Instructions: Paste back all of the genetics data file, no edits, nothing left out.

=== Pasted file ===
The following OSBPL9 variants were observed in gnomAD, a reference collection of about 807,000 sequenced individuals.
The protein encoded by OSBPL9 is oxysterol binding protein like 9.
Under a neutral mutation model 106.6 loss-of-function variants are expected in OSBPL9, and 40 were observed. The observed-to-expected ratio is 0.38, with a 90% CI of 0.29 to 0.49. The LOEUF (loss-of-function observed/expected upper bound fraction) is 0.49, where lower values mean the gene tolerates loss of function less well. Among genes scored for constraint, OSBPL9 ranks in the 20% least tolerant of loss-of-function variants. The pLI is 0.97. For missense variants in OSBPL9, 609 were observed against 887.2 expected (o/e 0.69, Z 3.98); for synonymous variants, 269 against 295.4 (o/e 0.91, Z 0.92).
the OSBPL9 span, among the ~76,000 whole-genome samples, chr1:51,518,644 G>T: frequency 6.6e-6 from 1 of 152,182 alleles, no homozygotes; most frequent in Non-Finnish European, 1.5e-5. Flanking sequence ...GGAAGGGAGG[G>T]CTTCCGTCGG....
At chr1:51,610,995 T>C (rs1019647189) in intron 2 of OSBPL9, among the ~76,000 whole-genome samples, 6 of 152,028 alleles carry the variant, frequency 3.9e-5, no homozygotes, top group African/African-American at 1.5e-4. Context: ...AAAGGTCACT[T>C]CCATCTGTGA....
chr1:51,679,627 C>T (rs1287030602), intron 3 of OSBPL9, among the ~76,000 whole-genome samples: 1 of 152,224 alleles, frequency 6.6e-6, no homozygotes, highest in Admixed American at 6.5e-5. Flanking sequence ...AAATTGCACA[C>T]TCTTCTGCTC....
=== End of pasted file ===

The following OSBPL9 variants were observed in gnomAD, a reference collection of about 807,000 sequenced individuals.
The protein encoded by OSBPL9 is oxysterol binding protein like 9.
Under a neutral mutation model 106.6 loss-of-function variants are expected in OSBPL9, and 40 were observed. The observed-to-expected ratio is 0.38, with a 90% CI of 0.29 to 0.49. The LOEUF (loss-of-function observed/expected upper bound fraction) is 0.49, where lower values mean the gene tolerates loss of function less well. Among genes scored for constraint, OSBPL9 ranks in the 20% least tolerant of loss-of-function variants. The pLI is 0.97. For missense variants in OSBPL9, 609 were observed against 887.2 expected (o/e 0.69, Z 3.98); for synonymous variants, 269 against 295.4 (o/e 0.91, Z 0.92).
the OSBPL9 span, among the ~76,000 whole-genome samples, chr1:51,518,644 G>T: frequency 6.6e-6 from 1 of 152,182 alleles, no homozygotes; most frequent in Non-Finnish European, 1.5e-5. Flanking sequence ...GGAAGGGAGG[G>T]CTTCCGTCGG....
At chr1:51,610,995 T>C (rs1019647189) in intron 2 of OSBPL9, among the ~76,000 whole-genome samples, 6 of 152,028 alleles carry the variant, frequency 3.9e-5, no homozygotes, top group African/African-American at 1.5e-4. Context: ...AAAGGTCACT[T>C]CCATCTGTGA....
chr1:51,679,627 C>T (rs1287030602), intron 3 of OSBPL9, among the ~76,000 whole-genome samples: 1 of 152,224 alleles, frequency 6.6e-6, no homozygotes, highest in Admixed American at 6.5e-5. Flanking sequence ...AAATTGCACA[C>T]TCTTCTGCTC....